Theoretically it means members need to reaffirm that the agreement is in their national interest on a regular basis instead of just keeping it forever out of beurocratic momentum.

    You could achieve that by having a mandatory joint NAFTA press conference every five years.

    What this would really achieve is create a recurring five-year cycle of economic uncertainty that would cripple all three of our national economies. And it would make NAFTA a permanent political wedge issue.

    sig.gif
    V1mCelloGnome-InterruptusshrykeAridholAegisCauldCouscousForarmonikerKnight_KetBramrondeauMillArdolSkeith
  • DevoutlyApatheticDevoutlyApathetic Registered User regular
    Gaddez wrote: »
    I kind of get the impression that the negotiators are trying their best to be reasonable, but much like one of those shitty hidden camera reality tv shows they have to do what the guy on the other end of the ear mic is telling them.

    Seriously though: who the hell is going to trust the US on any treaty over the next 20 years?

    I think that Russia would feel fine signing a treaty currently.

    Realistically it is going to come down to what happens in 2020 and what direction we go from there.

  • PhyphorPhyphor Building Planet Busters Tasting FruitRegistered User regular
    Businesses make relatively long term decisions based on this, people get NATFA visas and move based on this. Adding in an "oh this may just become invalid if we do nothing" clause ruins all of that

    Magic Box
    Academician Prokhor "Phyphor" Zakharov, Chief Scientist of China, Provost of the University of Planet - SE++ Megagame
    a5ehrenmonikermrondeauArdolSkeith
  • shrykeshryke Member of the Beast Registered User regular
    Richy wrote: »
    Meanwhile, the USA made a surprise demand for Canada to abandon its supply-side management system. This is a surprise since Canada had started the negotiations by saying that was off the table, and it wasn't a planned topic for discussion in this round of negotiations. Canada brushed off the demand. More interesting however was that US negotiators, according to sources, were clearly unhappy and uncomfortable making the demand which seems to have been forced from above, with one source in another article describing the US negotiators like "lawyers who hate their client".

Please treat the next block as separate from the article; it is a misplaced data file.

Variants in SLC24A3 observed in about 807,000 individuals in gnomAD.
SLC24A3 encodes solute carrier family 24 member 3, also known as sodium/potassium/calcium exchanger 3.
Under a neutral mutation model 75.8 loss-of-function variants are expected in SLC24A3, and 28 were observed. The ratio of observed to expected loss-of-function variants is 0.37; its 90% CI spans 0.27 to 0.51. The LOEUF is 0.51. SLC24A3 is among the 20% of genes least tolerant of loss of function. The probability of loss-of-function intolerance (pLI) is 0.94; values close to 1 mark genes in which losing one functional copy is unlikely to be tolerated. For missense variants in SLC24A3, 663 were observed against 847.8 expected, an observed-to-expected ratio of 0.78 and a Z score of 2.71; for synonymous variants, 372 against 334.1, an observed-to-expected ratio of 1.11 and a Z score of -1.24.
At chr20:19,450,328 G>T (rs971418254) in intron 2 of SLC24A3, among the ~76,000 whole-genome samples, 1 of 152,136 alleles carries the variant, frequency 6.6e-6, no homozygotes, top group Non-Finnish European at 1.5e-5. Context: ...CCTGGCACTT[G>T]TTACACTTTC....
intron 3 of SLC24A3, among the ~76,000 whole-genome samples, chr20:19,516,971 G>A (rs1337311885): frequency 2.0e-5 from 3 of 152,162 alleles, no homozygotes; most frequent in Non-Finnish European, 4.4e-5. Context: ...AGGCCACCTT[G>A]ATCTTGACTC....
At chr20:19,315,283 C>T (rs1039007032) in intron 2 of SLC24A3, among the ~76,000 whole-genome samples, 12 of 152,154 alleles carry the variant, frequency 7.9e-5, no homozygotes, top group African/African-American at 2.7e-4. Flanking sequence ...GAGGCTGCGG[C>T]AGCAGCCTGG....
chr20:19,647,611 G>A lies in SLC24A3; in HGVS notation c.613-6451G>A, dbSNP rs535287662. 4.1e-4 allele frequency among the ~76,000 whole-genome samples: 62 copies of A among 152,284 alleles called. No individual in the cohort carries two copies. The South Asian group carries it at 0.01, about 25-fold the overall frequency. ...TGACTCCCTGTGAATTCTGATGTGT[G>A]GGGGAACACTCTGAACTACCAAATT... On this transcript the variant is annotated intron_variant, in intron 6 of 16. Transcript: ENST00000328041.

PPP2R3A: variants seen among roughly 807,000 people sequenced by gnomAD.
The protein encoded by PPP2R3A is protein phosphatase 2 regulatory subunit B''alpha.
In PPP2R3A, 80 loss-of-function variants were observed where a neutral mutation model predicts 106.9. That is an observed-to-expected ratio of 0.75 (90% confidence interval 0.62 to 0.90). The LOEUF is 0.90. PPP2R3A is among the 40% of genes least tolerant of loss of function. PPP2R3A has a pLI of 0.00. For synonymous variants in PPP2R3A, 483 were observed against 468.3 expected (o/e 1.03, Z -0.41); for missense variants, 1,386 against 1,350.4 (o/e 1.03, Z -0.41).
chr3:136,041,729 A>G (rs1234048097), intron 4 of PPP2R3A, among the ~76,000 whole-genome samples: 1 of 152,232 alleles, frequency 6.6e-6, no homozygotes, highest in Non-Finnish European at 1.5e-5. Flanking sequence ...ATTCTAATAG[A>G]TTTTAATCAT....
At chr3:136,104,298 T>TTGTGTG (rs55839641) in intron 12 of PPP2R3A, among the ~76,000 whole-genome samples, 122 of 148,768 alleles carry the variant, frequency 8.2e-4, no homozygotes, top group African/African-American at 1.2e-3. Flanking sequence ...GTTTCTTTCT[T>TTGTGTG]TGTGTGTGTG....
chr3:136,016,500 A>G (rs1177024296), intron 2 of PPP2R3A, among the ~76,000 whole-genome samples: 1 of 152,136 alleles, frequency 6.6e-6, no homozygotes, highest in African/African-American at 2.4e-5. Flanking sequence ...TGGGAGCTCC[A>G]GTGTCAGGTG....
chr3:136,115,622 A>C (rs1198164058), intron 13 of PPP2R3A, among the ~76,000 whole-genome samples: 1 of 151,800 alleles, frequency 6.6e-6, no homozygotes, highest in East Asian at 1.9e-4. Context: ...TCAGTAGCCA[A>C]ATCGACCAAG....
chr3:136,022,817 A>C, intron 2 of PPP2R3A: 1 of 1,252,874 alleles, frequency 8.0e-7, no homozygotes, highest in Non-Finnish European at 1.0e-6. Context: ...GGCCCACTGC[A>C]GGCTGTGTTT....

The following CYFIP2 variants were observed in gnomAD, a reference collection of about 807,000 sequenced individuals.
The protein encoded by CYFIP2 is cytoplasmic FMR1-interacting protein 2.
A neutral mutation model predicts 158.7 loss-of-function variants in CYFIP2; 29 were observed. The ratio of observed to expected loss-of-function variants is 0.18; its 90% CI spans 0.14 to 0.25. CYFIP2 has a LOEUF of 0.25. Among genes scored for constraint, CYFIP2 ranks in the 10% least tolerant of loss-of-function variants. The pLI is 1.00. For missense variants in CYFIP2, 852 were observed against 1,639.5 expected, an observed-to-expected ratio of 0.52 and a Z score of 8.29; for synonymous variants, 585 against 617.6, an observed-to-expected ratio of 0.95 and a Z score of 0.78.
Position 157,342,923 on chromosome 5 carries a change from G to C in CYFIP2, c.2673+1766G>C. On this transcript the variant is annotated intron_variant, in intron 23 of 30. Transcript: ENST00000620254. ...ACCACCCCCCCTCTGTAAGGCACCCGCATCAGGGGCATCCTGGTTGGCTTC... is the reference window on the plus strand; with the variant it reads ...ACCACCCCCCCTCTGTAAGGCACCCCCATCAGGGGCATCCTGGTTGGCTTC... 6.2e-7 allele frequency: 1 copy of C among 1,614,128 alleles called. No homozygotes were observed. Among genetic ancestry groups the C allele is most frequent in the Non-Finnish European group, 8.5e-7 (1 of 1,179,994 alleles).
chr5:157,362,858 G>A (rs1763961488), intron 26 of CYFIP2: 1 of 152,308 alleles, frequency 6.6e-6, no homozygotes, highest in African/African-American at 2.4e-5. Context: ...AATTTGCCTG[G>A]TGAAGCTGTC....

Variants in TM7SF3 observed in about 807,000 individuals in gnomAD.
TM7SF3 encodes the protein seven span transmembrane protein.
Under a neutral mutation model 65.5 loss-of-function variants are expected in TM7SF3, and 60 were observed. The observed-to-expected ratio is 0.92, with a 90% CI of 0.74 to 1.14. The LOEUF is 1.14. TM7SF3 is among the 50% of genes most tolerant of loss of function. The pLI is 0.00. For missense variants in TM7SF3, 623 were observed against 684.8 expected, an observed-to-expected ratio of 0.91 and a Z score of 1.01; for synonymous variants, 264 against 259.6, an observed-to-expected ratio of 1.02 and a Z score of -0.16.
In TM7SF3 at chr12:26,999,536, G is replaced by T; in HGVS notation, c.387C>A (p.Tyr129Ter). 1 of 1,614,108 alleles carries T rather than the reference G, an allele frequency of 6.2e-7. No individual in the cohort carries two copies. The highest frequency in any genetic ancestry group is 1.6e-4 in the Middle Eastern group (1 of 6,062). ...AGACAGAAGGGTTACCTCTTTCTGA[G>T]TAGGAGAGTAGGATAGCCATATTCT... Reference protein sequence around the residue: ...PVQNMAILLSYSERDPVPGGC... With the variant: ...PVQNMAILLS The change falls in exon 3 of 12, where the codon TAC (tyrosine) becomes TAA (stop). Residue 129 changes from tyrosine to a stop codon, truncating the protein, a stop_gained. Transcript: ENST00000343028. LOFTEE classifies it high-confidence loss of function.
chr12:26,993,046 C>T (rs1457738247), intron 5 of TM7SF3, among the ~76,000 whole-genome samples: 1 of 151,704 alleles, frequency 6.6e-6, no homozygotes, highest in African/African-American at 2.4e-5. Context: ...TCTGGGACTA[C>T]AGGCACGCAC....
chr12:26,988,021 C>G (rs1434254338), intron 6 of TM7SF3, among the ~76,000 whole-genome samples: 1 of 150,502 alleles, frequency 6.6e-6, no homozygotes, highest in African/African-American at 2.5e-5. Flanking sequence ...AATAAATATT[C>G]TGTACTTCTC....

This latest request, combined with other requests by the USA that basically sum up to "we'll block our market to you and you'll open your market to us and we'll remove any right you have to complain against whatever we do", raise the question of whether the US are really negotiating in good faith or whether they are deliberately sabotaging the talks.

    This, combined with the US backing out of TPP, the Iran Nuclear Deal, the Paris Accord, and questioning their commitment to NATO, raises international concerns that the US is no longer a trustworthy partner or ally.

    They aren't deliberately sabotaging the talks. The US negotiators are just being forced to work according to the instructions of a blowhard and moron who doesn't understand trade, soft power or foreign relations.

    monikerArdol
  • GaddezGaddez Registered User regular
    Isn't like the number one rule of buisness "don't rock the boat"?

    Like, the whole point of trade agreements is to establish long term stability between yourself and someone else so that buisnesses can establish supply lines, distribution, manufacturing and a host of other crucial factors.

    So why in the fuck would you want to present yourself as being wildly unstable at a time when you are already hemorrhaging good faith to your most important trading partners?

    Richy wrote: »
    But I think the resistance I’m getting more has to do with “rawr! Loklar said it! Rage!” than anything else.

    No, it has to do with the fact that you're done nothing but throw lies, blatant flasehoods, and downright dumb statements at us so far.
  • Phoenix-DPhoenix-D Registered User regular
    Gaddez wrote: »
    Isn't like the number one rule of buisness "don't rock the boat"?

    Like, the whole point of trade agreements is to establish long term stability between yourself and someone else so that buisnesses can establish supply lines, distribution, manufacturing and a host of other crucial factors.